How Nelson Mandela won over his jailers

JOHANNESBURG – If you wonder how Nelson Mandela changed a nation, Afrikaner Christo Brandt might have the answer.

"Mandela became like a father to me," Brandt said.

Growing up, Brandt never questioned the oppression of apartheid. At 18, he was a guard at Robben Island, the harsh prison where Mandela spent 18 of his 27 years behind bars.

Brandt was told he'd be guarding the worst of the worst.

"I asked the sergeant, 'What are these criminals in for?' He said, 'Many are terrorists who tried to kill our children on the border.'"

But Brandt came to know Mandela as a kindly gentleman, the prison peacemaker. For years he was assigned to oversee the few family visits Mandela was allowed.   

One day Mandela’s wife Winnie came to visit with their new granddaughter. Babies were not allowed on Robben Island. Putting his job on the line, Brandt smuggled the baby in, wrapped in a blanket, and put her in the arms of her granddad.

"I give him the baby and he takes the baby and he was shivering a little bit and he's got some tears in his eyes," Brandt siad. "He was quite emotional at that point."

A friendship was born. When Mandela became president, he gave Brandt a job at the Capitol. When Brandt's son was killed in a car accident, Mandela was the first to phone him.

"When he phoned me, you could feel he was half part of my family," said Brandt.

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Rory Steyn, a tough Afrikaner cop, says he came to admire Nelson Mandela.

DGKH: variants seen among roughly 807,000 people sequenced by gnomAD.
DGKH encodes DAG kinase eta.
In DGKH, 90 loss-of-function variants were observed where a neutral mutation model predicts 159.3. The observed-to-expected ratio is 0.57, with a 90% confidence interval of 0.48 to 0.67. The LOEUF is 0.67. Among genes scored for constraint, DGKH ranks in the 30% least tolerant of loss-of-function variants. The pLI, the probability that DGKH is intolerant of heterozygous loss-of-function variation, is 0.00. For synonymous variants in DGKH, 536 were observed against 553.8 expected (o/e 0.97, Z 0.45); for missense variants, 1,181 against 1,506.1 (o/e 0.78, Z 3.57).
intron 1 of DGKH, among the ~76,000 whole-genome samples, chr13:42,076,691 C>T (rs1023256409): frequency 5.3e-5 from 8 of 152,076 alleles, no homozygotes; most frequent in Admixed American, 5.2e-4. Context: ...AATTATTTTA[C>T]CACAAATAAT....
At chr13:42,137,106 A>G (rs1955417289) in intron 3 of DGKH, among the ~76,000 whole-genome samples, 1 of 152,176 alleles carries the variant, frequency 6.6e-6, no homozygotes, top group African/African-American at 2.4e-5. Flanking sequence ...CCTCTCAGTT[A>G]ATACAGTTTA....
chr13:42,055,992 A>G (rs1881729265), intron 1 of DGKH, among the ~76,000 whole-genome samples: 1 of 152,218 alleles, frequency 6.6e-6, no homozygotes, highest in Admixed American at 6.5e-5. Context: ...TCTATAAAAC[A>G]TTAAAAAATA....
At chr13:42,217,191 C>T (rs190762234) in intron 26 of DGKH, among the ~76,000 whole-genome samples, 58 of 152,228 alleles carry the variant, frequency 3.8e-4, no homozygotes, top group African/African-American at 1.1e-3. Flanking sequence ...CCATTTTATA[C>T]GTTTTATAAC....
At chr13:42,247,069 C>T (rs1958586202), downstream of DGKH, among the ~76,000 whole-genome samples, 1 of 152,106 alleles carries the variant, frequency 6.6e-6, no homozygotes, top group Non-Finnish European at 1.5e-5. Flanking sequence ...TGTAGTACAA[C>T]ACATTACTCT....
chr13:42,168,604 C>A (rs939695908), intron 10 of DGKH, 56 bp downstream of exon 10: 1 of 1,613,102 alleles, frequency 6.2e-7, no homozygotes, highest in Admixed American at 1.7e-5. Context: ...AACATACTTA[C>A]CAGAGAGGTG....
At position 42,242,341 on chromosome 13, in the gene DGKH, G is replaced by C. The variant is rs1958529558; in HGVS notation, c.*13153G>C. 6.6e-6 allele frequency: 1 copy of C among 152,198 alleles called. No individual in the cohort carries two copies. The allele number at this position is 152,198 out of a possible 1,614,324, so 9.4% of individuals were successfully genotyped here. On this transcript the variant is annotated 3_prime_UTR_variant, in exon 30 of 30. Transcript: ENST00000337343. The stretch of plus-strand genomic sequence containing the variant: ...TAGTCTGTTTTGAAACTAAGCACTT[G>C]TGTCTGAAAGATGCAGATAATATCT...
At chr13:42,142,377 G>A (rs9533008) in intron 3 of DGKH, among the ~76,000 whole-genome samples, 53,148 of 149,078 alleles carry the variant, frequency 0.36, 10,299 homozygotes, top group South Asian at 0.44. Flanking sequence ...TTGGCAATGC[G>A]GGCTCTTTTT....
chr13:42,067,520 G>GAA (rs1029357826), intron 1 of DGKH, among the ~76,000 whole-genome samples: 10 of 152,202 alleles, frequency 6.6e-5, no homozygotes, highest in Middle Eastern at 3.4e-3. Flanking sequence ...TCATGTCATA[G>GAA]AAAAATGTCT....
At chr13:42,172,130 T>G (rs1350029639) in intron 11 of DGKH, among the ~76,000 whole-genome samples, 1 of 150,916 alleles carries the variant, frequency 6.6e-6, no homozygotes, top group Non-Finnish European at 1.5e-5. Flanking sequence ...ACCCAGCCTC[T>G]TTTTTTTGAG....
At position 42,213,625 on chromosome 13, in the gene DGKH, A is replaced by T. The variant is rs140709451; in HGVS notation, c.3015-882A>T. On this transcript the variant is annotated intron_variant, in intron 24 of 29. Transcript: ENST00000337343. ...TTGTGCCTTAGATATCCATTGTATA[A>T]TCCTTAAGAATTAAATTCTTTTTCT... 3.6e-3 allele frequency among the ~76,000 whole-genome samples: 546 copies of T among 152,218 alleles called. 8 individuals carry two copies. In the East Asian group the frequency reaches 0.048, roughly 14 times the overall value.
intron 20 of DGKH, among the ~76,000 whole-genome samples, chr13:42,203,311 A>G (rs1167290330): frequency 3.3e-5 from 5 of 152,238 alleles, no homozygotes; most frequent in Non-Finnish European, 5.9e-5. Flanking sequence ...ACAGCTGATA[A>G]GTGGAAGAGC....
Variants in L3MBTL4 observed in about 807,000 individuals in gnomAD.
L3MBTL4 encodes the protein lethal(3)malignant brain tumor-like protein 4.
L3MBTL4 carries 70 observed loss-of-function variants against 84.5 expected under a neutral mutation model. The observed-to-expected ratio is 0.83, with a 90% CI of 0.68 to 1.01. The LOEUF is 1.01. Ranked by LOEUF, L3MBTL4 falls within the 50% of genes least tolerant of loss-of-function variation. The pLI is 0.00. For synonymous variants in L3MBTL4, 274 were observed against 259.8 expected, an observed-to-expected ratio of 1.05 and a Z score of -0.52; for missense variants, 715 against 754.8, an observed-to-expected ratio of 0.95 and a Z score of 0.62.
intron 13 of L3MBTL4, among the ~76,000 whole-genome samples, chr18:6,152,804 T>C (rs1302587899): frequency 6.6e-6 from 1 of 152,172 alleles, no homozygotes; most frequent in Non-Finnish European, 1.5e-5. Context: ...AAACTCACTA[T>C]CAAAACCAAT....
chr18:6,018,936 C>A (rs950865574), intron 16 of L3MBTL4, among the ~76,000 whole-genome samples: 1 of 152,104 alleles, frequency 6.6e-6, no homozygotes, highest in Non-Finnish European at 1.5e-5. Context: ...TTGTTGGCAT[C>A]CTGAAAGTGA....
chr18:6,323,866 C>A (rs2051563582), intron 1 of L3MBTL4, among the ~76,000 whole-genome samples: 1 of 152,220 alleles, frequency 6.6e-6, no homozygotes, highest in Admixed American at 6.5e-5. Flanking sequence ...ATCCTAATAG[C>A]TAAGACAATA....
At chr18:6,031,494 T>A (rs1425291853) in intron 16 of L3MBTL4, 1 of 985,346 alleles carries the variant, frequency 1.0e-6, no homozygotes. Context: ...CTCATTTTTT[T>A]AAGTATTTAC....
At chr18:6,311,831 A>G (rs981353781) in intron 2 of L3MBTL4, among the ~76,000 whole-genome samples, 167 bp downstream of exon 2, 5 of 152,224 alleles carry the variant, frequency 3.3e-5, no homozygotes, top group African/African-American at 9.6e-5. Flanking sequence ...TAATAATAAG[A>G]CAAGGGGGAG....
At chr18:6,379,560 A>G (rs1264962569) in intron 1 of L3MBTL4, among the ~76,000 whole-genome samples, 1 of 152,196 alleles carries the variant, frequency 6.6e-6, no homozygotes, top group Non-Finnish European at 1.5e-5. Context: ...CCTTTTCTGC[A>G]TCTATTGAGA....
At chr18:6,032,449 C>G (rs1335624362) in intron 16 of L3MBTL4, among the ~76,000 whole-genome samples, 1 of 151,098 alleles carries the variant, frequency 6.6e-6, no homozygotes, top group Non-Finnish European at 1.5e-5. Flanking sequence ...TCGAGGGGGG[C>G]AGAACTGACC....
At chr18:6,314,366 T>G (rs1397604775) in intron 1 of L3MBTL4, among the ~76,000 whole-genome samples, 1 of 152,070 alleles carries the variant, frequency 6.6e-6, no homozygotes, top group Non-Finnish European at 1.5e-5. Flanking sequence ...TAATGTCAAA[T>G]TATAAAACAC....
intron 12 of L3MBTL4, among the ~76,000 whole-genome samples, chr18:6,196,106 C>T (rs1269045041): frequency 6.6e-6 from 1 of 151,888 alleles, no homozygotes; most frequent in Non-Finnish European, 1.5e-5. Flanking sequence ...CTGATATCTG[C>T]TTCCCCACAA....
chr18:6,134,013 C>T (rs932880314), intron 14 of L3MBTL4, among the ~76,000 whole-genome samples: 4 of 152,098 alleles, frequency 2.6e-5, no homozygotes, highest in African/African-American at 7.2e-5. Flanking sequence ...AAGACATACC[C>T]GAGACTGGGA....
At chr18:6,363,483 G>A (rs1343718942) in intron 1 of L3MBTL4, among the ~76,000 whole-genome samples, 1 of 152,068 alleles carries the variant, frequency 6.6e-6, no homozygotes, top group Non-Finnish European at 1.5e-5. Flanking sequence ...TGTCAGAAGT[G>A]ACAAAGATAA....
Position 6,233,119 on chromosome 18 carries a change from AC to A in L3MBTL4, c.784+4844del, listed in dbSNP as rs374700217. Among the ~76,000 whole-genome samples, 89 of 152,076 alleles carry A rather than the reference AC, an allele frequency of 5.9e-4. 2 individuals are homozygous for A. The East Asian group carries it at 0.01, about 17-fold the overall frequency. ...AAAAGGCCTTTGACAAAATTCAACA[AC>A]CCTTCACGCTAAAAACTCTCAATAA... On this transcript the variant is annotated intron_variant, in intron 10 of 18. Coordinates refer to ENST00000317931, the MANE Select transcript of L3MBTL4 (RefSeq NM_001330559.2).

CBS News
 The same transformation happened to Rory Steyn. He was a tough Afrikaner cop who enforced apartheid's tough laws. Yet President Mandela tapped him to lead his security detail.

"And who was I? I was just a dispensable white cop. If there was an issue, any doubts, just get rid of him. There's a whole queue of guards waiting to take his position. And he chose not to do that. Go figure," said Steyn.

The prisoner he once despised became the president he admired. Steyn believes Mandela's policy of reconciliation and healing lifted up the country many feared would fall into racial war.

"We could have been down the road of Syria or Afghanistan by now and we're not. And we have him to thank for that," Steyn said.

When he heard of Mandela’s death, the tough cop cried.

"The first emotion was a profound sense of loss and sadness," Steyn said.

Just like many South Africans this week, he was crying for the man who changed the nation.


  • Bill Whitaker

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